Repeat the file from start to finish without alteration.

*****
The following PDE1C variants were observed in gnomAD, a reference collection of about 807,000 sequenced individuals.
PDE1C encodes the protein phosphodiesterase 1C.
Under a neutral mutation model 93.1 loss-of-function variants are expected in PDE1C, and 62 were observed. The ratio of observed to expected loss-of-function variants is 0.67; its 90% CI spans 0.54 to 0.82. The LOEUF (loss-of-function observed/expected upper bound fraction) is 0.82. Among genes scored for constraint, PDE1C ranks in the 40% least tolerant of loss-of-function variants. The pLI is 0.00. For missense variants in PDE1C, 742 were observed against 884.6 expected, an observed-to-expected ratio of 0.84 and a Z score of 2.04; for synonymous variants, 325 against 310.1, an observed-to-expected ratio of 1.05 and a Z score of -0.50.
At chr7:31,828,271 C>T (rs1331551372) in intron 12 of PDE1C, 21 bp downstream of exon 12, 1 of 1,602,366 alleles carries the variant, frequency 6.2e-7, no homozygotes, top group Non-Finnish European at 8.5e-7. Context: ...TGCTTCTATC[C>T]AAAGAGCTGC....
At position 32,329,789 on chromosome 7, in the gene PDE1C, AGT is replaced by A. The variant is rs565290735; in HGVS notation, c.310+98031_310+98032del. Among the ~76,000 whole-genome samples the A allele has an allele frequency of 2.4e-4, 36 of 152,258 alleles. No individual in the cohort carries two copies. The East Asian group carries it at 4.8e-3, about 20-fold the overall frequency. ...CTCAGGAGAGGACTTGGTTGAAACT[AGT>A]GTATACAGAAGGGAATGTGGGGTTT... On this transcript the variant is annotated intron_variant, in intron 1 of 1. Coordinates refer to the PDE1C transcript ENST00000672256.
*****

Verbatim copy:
The following PDE1C variants were observed in gnomAD, a reference collection of about 807,000 sequenced individuals.
PDE1C encodes the protein phosphodiesterase 1C.
Under a neutral mutation model 93.1 loss-of-function variants are expected in PDE1C, and 62 were observed. The ratio of observed to expected loss-of-function variants is 0.67; its 90% CI spans 0.54 to 0.82. The LOEUF (loss-of-function observed/expected upper bound fraction) is 0.82. Among genes scored for constraint, PDE1C ranks in the 40% least tolerant of loss-of-function variants. The pLI is 0.00. For missense variants in PDE1C, 742 were observed against 884.6 expected, an observed-to-expected ratio of 0.84 and a Z score of 2.04; for synonymous variants, 325 against 310.1, an observed-to-expected ratio of 1.05 and a Z score of -0.50.
At chr7:31,828,271 C>T (rs1331551372) in intron 12 of PDE1C, 21 bp downstream of exon 12, 1 of 1,602,366 alleles carries the variant, frequency 6.2e-7, no homozygotes, top group Non-Finnish European at 8.5e-7. Context: ...TGCTTCTATC[C>T]AAAGAGCTGC....
At position 32,329,789 on chromosome 7, in the gene PDE1C, AGT is replaced by A. The variant is rs565290735; in HGVS notation, c.310+98031_310+98032del. Among the ~76,000 whole-genome samples the A allele has an allele frequency of 2.4e-4, 36 of 152,258 alleles. No individual in the cohort carries two copies. The East Asian group carries it at 4.8e-3, about 20-fold the overall frequency. ...CTCAGGAGAGGACTTGGTTGAAACT[AGT>A]GTATACAGAAGGGAATGTGGGGTTT... On this transcript the variant is annotated intron_variant, in intron 1 of 1. Coordinates refer to the PDE1C transcript ENST00000672256.